More than 27,000 pieces of orbital debris, or “space junk,” are tracked by the Department of Defense’s global Space Surveillance Network (SSN) sensors. Much more debris -- too small to be tracked, but large enough to threaten human spaceflight and robotic missions -- exists in the near-Earth space environment.
RMIT University academic Dr Binoy Kampmark explains how the United Nations (The UN) works.
In this video, the Director of UNOOSA and the Associate Administrator of NASA introduce the landmark agreement between UNOOSA and NASA to advance sustainable development through space applications and ensure that all countries, including developing ones, contribute and benefit from space exploration.
Learn how space can be an invaluable tool for the Sustainable Development Goals and how the United Nations Office for Outer Space Affairs and DigitalGlobe are working together.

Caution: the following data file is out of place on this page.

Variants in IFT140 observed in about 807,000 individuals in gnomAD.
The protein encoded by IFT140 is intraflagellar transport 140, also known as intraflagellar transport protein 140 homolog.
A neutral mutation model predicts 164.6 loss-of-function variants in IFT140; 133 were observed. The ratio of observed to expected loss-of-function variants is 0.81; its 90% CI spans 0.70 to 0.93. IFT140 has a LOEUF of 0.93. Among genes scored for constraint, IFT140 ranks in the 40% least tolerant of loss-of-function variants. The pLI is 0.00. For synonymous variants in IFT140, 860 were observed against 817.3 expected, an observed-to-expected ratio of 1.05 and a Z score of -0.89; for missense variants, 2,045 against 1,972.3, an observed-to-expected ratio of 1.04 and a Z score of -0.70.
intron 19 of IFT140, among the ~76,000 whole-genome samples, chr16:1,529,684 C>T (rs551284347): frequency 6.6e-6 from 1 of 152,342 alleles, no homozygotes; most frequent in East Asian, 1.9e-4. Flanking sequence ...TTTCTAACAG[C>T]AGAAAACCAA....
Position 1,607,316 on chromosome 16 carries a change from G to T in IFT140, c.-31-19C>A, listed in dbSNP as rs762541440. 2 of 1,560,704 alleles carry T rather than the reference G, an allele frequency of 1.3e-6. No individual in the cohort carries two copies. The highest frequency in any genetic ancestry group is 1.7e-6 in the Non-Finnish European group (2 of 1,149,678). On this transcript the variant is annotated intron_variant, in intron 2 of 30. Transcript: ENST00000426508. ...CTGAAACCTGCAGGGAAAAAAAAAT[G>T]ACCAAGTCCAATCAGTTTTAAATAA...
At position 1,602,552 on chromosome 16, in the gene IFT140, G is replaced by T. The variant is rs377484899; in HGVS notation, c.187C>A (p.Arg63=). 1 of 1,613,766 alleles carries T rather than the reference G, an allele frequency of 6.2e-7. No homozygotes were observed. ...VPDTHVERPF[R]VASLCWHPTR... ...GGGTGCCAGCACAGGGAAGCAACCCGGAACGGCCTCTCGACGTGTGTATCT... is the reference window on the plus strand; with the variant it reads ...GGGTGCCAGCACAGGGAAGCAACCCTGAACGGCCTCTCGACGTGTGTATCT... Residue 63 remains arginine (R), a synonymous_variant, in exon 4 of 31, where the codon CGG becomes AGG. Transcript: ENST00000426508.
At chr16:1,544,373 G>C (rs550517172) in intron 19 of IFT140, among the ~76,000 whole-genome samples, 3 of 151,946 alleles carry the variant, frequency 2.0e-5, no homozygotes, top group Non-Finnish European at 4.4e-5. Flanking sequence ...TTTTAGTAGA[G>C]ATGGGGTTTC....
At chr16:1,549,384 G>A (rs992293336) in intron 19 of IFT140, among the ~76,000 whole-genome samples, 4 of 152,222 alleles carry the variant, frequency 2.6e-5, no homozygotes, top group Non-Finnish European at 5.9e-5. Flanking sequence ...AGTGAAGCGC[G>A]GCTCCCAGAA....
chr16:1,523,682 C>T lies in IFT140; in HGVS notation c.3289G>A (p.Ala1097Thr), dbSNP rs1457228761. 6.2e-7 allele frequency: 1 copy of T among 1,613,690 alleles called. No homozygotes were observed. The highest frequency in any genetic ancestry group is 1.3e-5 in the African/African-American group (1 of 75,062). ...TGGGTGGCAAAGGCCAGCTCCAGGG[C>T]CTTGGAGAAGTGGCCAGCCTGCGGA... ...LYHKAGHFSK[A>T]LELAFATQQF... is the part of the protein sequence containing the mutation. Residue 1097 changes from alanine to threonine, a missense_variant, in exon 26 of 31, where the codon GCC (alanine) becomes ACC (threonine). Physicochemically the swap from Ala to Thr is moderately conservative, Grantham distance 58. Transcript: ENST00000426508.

Last year, which marked the sixtieth anniversary of the first artificial satellite in orbit, a record number of orbiting objects were registered with the United Nations, reflecting the growing interest of all types of actors in participating in the frontier field of space exploration and innovation.
This report explores the role of space technologies in accelerating sustainable development and the benefits of international research collaboration in this context. It presents applications of space science and technology for achieving the Sustainable Development Goals, including in ensuring food security, reducing the risk of disasters, preventing humanitarian crises, monitoring natural resources and reducing poverty, as well as telecommunications and health.